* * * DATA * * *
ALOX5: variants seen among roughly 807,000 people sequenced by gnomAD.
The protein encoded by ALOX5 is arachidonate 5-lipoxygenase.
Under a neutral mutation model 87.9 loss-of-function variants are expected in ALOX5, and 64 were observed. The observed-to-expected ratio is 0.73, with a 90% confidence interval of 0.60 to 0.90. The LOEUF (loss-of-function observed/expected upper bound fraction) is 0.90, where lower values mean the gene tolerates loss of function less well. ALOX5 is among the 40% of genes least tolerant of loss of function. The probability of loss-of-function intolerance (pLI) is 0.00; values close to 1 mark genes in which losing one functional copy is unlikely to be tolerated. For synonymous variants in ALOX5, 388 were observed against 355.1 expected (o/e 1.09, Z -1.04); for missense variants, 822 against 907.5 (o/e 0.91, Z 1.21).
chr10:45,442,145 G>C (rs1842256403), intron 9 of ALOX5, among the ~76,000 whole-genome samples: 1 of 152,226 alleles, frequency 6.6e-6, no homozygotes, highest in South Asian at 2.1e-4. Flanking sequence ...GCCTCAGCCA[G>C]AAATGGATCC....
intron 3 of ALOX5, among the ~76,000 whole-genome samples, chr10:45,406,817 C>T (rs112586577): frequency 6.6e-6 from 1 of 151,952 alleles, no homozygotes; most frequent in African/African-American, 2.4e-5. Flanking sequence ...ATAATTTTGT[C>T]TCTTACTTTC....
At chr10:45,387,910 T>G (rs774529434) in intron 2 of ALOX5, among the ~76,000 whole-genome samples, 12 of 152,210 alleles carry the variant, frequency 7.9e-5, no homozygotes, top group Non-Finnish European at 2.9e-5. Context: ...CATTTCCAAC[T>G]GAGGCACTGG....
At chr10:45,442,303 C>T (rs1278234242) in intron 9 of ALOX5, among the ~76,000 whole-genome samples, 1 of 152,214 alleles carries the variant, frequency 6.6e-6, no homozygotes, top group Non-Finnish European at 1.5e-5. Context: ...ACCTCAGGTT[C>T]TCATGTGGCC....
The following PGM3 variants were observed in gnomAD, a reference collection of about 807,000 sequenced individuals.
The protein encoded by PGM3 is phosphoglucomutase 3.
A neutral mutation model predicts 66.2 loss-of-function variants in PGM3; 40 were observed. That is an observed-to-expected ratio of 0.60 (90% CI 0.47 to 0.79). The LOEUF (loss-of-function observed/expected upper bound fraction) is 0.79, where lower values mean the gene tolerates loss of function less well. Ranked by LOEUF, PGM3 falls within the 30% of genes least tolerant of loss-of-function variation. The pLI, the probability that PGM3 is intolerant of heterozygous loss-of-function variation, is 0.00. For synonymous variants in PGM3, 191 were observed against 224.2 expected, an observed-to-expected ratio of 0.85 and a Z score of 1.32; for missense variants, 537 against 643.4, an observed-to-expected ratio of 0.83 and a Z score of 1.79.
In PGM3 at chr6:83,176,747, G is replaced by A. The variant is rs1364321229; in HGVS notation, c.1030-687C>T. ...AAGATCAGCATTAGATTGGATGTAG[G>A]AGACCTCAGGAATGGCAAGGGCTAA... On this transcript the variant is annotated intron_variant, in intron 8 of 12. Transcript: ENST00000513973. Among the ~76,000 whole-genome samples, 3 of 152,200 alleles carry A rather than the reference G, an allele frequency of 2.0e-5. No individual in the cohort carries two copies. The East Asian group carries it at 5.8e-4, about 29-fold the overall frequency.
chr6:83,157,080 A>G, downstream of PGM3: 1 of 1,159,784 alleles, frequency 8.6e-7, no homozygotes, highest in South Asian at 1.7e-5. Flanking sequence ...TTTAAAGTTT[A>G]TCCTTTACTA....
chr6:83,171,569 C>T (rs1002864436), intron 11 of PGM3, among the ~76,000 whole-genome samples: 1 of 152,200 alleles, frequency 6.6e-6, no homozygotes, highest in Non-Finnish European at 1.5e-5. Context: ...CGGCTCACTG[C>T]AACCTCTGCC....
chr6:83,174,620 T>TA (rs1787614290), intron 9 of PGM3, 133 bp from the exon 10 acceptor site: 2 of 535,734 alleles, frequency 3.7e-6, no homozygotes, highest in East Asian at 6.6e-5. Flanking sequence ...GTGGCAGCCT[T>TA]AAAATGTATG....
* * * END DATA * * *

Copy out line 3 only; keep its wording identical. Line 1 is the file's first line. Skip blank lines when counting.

Under a neutral mutation model 87.9 loss-of-function variants are expected in ALOX5, and 64 were observed. The observed-to-expected ratio is 0.73, with a 90% confidence interval of 0.60 to 0.90. The LOEUF (loss-of-function observed/expected upper bound fraction) is 0.90, where lower values mean the gene tolerates loss of function less well. ALOX5 is among the 40% of genes least tolerant of loss of function. The probability of loss-of-function intolerance (pLI) is 0.00; values close to 1 mark genes in which losing one functional copy is unlikely to be tolerated. For synonymous variants in ALOX5, 388 were observed against 355.1 expected (o/e 1.09, Z -1.04); for missense variants, 822 against 907.5 (o/e 0.91, Z 1.21).